We rushed back to Fairmont in time for the final three games of our women’s volleyball match. Our Lady Falcons played valiantly, yet fell short. I am impressed with FSU Athletics. My compliments and appreciation to our coaches and staff, our incredible student athletes, and to the community of followers who support FSU Athletics! These student athletes share my hillside ecosystem. I am here to serve them.
Thursday, we observed Veterans Day on campus. We began with flag-raising behind the Falcon Center. Veterans from every service branch attached brand new flags to the pull ropes and hoisted them aloft. Standing at attention, we listened as a local teen brought tears to our eyes singing the National Anthem A Capella. Mid-day once again misted my eyes as a uniformed contingent fired three volleys followed by taps at the newly-dedicated campus Veterans Victory Garden at Turley. All we do at FSU welcomes and involves both the campus and Fairmont community. We are one. In fact, all of us who share this planet are one.
The weekend kicked off Thursday evening with our Falcon football victory over West Liberty. A bit sobering for me to realize that I have now watched my final FSU football contest (along with volleyball). Football tailgating and cheering the Falcons epitomize the spirit of our inseparable Fairmont/FSU marriage.
Friday and Saturday – what an FSU whirlwind. Lunch Friday with our School of Nursing Advisory Board. Another example of the power of real-world partnership! We are nothing as an institution unless we engage meaningfully and deliberately. Thirty-plus of the 50 participants were FSU Nursing graduates.
A basketball extravaganza both evenings – two wins each for our men’s and women’s teams in the annual Joe Retton Classic. Our ladies have just one senior and one junior on their roster. Look out future! And the guys have a new slate of starters following last year’s magical season. Both teams consist of students, leaders, and fine campus citizens who will reach far into the future beyond basketball.
Prior to Saturday’s hardwood competitions, we hosted more than 400 future Falcon students and family members at our Fall Maroon and White Day. Dr. Martin and I greeted the attendees officially from the stage, and then roamed the Falcon Center speaking individually to many of them. I encountered recruits from WV, OH, PA, MD, NJ, and VA.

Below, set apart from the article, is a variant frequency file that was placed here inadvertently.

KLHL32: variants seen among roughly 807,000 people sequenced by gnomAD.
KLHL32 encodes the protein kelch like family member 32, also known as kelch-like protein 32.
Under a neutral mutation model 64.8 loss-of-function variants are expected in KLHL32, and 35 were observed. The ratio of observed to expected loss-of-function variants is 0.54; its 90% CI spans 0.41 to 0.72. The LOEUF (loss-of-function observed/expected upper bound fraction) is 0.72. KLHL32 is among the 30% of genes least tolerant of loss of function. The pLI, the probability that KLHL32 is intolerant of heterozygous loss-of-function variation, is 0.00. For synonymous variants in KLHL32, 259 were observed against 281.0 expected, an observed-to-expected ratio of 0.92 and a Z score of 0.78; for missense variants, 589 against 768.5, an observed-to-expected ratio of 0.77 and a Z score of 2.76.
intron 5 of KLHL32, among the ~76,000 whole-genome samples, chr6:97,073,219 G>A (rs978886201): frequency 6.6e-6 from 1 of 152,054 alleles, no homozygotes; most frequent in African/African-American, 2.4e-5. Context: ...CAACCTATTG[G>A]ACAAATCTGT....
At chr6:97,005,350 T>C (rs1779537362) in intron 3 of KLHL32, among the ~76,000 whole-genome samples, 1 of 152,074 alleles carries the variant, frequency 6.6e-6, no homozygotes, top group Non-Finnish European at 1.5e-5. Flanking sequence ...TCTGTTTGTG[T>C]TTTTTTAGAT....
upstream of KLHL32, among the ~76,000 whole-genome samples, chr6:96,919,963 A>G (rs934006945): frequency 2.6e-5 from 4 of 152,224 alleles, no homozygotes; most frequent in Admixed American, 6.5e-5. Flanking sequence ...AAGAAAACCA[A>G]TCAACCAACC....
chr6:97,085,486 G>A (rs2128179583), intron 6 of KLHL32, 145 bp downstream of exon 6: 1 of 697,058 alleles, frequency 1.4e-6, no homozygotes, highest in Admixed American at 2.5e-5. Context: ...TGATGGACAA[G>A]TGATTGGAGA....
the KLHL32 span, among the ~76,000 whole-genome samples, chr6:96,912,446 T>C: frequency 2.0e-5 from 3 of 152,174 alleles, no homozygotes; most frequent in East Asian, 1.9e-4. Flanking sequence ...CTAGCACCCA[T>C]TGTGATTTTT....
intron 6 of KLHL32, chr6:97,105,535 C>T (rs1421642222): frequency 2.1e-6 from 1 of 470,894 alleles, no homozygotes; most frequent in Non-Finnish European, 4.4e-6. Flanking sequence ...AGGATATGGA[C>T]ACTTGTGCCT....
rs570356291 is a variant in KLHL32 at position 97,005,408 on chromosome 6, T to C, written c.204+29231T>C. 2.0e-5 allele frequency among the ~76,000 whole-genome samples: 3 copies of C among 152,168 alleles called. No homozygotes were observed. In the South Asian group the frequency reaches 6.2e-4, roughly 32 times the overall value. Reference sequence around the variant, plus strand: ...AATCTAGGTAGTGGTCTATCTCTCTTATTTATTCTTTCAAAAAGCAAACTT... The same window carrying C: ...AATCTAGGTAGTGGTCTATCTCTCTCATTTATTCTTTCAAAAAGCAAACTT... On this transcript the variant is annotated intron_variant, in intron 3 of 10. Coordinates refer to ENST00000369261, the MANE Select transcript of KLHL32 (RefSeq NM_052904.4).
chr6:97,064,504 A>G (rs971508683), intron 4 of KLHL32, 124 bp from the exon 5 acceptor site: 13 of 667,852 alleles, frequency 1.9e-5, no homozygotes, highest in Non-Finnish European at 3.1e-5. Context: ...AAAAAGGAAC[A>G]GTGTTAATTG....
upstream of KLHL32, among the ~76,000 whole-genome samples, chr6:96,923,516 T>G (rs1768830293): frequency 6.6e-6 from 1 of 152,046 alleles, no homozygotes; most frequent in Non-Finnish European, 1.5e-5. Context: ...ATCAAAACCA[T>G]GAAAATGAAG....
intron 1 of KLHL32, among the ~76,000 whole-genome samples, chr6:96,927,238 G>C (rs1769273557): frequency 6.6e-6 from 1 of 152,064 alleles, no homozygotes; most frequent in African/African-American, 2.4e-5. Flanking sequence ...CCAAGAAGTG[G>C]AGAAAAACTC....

These young people will enrich our campus and the Fairmont community. Some will stay in North-Central WV. Our wonderful Marion/Harrison County region will welcome them, help them grow, and entice them to live, work, and play here beyond their degrees. Fairmont State University will continue to exchange rich lifeblood with Fairmont, mutually sustaining and yielding greater vitality. The comparisons to a natural ecosystem are uncanny. All of Nature’s communities teem with the ebb and flow of life, and successful populations depend upon a continuing stream of genetic exchange. No community in Nature is static. Any human tribe or kingdom or town will diminish if it remains insular. Fresh blood, new ideas, innovation, and renovation ensure success. Stagnation guarantees only decay and suffocation in both human nature and Nature. Fairmont State University will renew and refresh the community’s body, mind, heart, soul, and spirit.
I am glad to have visited for a while, pumping encouragement and inspiration into a community and university poised to thrive and to imagine a future of hope and promise. Great Blue Heron offers you that same proven, timely, and catalytic wisdom and energy that will ensure a brighter future for Fairmont and Fairmont State University. Give me a call.